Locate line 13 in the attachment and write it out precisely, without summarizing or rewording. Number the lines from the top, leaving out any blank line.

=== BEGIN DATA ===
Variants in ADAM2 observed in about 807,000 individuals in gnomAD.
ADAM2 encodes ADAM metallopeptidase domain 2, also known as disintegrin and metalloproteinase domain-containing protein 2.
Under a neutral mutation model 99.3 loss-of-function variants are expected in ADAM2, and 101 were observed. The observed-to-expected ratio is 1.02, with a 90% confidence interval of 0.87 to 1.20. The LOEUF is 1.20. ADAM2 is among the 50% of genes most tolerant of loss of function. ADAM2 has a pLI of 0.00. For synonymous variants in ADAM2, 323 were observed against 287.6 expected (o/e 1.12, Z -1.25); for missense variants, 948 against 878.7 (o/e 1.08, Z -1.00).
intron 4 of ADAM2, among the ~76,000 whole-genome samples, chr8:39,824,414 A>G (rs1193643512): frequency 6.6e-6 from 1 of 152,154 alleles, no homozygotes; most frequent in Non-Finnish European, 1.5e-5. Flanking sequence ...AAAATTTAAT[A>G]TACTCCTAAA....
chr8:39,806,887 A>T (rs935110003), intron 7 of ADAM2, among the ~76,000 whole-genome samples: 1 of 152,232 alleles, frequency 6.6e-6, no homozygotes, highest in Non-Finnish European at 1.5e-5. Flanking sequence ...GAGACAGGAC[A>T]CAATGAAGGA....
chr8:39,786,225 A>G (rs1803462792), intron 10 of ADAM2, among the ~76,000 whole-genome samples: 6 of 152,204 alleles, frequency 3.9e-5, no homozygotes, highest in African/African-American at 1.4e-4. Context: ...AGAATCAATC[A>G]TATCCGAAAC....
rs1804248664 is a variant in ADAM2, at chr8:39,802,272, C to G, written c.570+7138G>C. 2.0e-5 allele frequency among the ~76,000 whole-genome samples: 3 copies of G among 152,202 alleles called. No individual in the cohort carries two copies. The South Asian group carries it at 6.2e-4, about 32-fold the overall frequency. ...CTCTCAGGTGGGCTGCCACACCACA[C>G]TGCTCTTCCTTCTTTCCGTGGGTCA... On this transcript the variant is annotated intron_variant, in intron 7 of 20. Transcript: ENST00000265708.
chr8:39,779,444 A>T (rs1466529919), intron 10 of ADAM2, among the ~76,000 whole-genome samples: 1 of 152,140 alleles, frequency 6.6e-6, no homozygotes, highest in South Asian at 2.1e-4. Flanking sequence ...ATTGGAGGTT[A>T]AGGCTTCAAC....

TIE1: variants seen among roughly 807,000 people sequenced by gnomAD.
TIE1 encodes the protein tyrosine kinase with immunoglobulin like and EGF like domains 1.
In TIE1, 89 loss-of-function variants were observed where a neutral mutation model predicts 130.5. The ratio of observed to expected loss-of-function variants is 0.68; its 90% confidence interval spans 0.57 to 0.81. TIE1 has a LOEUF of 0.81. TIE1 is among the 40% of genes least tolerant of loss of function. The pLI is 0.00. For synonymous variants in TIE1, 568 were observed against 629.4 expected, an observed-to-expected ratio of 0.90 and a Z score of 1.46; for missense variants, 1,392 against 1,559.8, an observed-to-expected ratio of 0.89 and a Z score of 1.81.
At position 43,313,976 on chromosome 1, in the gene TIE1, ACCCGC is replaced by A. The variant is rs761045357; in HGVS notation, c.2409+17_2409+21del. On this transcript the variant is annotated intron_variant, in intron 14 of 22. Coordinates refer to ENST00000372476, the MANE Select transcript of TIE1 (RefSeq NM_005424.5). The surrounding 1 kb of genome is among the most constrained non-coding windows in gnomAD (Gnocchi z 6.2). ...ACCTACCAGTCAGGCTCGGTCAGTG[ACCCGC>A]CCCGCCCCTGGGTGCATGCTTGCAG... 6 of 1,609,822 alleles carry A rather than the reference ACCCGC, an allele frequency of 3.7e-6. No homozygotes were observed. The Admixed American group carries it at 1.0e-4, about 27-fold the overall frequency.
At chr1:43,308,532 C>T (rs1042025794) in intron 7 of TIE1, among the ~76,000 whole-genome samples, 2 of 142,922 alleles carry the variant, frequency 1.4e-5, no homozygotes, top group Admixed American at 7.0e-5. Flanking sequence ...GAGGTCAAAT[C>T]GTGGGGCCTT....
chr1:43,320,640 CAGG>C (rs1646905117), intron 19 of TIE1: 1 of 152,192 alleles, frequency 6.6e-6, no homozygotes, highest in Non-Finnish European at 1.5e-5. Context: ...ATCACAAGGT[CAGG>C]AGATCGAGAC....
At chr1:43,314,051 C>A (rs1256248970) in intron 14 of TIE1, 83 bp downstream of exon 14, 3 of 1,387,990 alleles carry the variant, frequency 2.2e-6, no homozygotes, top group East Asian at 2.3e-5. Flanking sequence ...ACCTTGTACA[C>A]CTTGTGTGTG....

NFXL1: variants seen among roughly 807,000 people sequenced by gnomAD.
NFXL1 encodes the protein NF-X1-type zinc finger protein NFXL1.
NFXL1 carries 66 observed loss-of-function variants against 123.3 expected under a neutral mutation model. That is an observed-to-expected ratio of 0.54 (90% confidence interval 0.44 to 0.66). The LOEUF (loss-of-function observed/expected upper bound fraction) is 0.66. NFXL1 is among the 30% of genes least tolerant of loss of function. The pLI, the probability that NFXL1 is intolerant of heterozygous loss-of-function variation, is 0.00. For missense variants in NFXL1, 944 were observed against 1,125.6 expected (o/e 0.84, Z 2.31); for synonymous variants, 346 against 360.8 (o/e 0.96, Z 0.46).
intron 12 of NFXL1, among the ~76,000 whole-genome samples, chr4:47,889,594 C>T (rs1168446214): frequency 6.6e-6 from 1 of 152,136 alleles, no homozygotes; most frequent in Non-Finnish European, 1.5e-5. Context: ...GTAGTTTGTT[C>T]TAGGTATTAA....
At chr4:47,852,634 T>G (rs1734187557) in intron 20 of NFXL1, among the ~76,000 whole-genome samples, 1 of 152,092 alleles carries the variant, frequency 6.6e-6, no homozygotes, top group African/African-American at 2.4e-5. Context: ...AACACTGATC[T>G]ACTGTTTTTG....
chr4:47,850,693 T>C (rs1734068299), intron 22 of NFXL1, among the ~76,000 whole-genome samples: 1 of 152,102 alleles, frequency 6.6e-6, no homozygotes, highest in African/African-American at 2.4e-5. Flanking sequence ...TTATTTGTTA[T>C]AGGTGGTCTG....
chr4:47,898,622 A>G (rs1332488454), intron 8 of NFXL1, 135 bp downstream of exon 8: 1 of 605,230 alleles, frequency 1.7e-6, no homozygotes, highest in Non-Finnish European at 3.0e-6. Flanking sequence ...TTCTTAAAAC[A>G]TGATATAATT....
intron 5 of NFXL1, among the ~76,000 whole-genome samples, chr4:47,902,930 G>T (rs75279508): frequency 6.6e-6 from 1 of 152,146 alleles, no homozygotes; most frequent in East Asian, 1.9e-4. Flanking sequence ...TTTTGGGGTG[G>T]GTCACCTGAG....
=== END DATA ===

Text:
At chr1:43,308,532 C>T (rs1042025794) in intron 7 of TIE1, among the ~76,000 whole-genome samples, 2 of 142,922 alleles carry the variant, frequency 1.4e-5, no homozygotes, top group Admixed American at 7.0e-5. Flanking sequence ...GAGGTCAAAT[C>T]GTGGGGCCTT....